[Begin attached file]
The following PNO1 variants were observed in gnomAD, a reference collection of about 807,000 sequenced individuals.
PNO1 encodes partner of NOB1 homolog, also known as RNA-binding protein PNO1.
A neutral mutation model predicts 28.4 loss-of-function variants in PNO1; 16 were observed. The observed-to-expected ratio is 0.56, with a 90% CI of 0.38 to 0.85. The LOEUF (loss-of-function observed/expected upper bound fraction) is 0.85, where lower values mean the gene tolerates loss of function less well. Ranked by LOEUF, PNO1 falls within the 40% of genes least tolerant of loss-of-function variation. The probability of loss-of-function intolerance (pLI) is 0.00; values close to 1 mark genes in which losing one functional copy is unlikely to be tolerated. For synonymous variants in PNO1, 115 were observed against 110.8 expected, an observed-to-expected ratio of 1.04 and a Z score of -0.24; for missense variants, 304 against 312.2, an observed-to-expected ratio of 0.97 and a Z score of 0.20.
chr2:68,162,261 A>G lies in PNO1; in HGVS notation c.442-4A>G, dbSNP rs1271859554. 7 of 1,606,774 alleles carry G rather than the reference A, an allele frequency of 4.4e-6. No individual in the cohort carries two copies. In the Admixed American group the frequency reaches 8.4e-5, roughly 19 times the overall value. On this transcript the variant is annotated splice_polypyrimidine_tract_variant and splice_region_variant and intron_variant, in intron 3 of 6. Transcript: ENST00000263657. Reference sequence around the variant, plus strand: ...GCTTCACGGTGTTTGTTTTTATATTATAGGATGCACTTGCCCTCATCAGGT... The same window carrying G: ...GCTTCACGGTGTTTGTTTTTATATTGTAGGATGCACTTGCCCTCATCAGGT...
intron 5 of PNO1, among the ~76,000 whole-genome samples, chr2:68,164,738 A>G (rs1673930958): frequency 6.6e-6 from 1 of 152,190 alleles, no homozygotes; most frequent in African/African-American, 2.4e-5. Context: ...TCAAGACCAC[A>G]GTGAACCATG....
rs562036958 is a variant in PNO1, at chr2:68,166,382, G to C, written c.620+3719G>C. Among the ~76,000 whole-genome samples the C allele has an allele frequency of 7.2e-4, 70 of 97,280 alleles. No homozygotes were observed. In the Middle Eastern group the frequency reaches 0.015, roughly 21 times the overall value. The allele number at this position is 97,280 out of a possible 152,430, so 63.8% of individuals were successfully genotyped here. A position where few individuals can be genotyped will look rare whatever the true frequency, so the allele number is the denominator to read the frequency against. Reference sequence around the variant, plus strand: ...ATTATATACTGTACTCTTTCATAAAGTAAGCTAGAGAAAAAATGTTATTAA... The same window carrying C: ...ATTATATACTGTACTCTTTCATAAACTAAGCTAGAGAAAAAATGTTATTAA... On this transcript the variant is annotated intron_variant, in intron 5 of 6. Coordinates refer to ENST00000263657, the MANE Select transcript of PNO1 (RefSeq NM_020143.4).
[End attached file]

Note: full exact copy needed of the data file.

The following PNO1 variants were observed in gnomAD, a reference collection of about 807,000 sequenced individuals.
PNO1 encodes partner of NOB1 homolog, also known as RNA-binding protein PNO1.
A neutral mutation model predicts 28.4 loss-of-function variants in PNO1; 16 were observed. The observed-to-expected ratio is 0.56, with a 90% CI of 0.38 to 0.85. The LOEUF (loss-of-function observed/expected upper bound fraction) is 0.85, where lower values mean the gene tolerates loss of function less well. Ranked by LOEUF, PNO1 falls within the 40% of genes least tolerant of loss-of-function variation. The probability of loss-of-function intolerance (pLI) is 0.00; values close to 1 mark genes in which losing one functional copy is unlikely to be tolerated. For synonymous variants in PNO1, 115 were observed against 110.8 expected, an observed-to-expected ratio of 1.04 and a Z score of -0.24; for missense variants, 304 against 312.2, an observed-to-expected ratio of 0.97 and a Z score of 0.20.
chr2:68,162,261 A>G lies in PNO1; in HGVS notation c.442-4A>G, dbSNP rs1271859554. 7 of 1,606,774 alleles carry G rather than the reference A, an allele frequency of 4.4e-6. No individual in the cohort carries two copies. In the Admixed American group the frequency reaches 8.4e-5, roughly 19 times the overall value. On this transcript the variant is annotated splice_polypyrimidine_tract_variant and splice_region_variant and intron_variant, in intron 3 of 6. Transcript: ENST00000263657. Reference sequence around the variant, plus strand: ...GCTTCACGGTGTTTGTTTTTATATTATAGGATGCACTTGCCCTCATCAGGT... The same window carrying G: ...GCTTCACGGTGTTTGTTTTTATATTGTAGGATGCACTTGCCCTCATCAGGT...
intron 5 of PNO1, among the ~76,000 whole-genome samples, chr2:68,164,738 A>G (rs1673930958): frequency 6.6e-6 from 1 of 152,190 alleles, no homozygotes; most frequent in African/African-American, 2.4e-5. Context: ...TCAAGACCAC[A>G]GTGAACCATG....
rs562036958 is a variant in PNO1, at chr2:68,166,382, G to C, written c.620+3719G>C. Among the ~76,000 whole-genome samples the C allele has an allele frequency of 7.2e-4, 70 of 97,280 alleles. No homozygotes were observed. In the Middle Eastern group the frequency reaches 0.015, roughly 21 times the overall value. The allele number at this position is 97,280 out of a possible 152,430, so 63.8% of individuals were successfully genotyped here. A position where few individuals can be genotyped will look rare whatever the true frequency, so the allele number is the denominator to read the frequency against. Reference sequence around the variant, plus strand: ...ATTATATACTGTACTCTTTCATAAAGTAAGCTAGAGAAAAAATGTTATTAA... The same window carrying C: ...ATTATATACTGTACTCTTTCATAAACTAAGCTAGAGAAAAAATGTTATTAA... On this transcript the variant is annotated intron_variant, in intron 5 of 6. Coordinates refer to ENST00000263657, the MANE Select transcript of PNO1 (RefSeq NM_020143.4).